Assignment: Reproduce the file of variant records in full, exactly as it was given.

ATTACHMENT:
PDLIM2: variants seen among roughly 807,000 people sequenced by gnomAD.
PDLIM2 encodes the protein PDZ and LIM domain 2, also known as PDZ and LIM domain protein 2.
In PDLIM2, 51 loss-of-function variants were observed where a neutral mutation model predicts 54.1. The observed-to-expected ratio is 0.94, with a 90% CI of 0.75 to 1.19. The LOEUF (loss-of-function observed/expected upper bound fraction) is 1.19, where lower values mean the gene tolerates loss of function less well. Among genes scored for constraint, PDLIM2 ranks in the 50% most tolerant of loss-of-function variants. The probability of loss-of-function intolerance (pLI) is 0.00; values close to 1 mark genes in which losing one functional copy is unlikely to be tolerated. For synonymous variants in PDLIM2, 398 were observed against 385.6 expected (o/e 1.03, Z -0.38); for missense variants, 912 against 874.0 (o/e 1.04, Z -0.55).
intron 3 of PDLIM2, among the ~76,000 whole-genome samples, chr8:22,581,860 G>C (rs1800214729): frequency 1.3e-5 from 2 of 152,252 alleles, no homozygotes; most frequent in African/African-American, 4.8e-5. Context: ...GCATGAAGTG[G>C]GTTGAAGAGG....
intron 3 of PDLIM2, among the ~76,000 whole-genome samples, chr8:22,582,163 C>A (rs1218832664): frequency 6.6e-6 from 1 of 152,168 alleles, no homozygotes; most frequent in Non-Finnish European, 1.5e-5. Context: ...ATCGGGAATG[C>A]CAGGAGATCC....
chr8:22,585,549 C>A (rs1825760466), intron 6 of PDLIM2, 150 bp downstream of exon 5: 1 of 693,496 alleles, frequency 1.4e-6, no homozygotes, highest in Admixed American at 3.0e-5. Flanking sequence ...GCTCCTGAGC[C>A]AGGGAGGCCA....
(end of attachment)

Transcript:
PDLIM2: variants seen among roughly 807,000 people sequenced by gnomAD.
PDLIM2 encodes the protein PDZ and LIM domain 2, also known as PDZ and LIM domain protein 2.
In PDLIM2, 51 loss-of-function variants were observed where a neutral mutation model predicts 54.1. The observed-to-expected ratio is 0.94, with a 90% CI of 0.75 to 1.19. The LOEUF (loss-of-function observed/expected upper bound fraction) is 1.19, where lower values mean the gene tolerates loss of function less well. Among genes scored for constraint, PDLIM2 ranks in the 50% most tolerant of loss-of-function variants. The probability of loss-of-function intolerance (pLI) is 0.00; values close to 1 mark genes in which losing one functional copy is unlikely to be tolerated. For synonymous variants in PDLIM2, 398 were observed against 385.6 expected (o/e 1.03, Z -0.38); for missense variants, 912 against 874.0 (o/e 1.04, Z -0.55).
intron 3 of PDLIM2, among the ~76,000 whole-genome samples, chr8:22,581,860 G>C (rs1800214729): frequency 1.3e-5 from 2 of 152,252 alleles, no homozygotes; most frequent in African/African-American, 4.8e-5. Context: ...GCATGAAGTG[G>C]GTTGAAGAGG....
intron 3 of PDLIM2, among the ~76,000 whole-genome samples, chr8:22,582,163 C>A (rs1218832664): frequency 6.6e-6 from 1 of 152,168 alleles, no homozygotes; most frequent in Non-Finnish European, 1.5e-5. Context: ...ATCGGGAATG[C>A]CAGGAGATCC....
chr8:22,585,549 C>A (rs1825760466), intron 6 of PDLIM2, 150 bp downstream of exon 5: 1 of 693,496 alleles, frequency 1.4e-6, no homozygotes, highest in Admixed American at 3.0e-5. Flanking sequence ...GCTCCTGAGC[C>A]AGGGAGGCCA....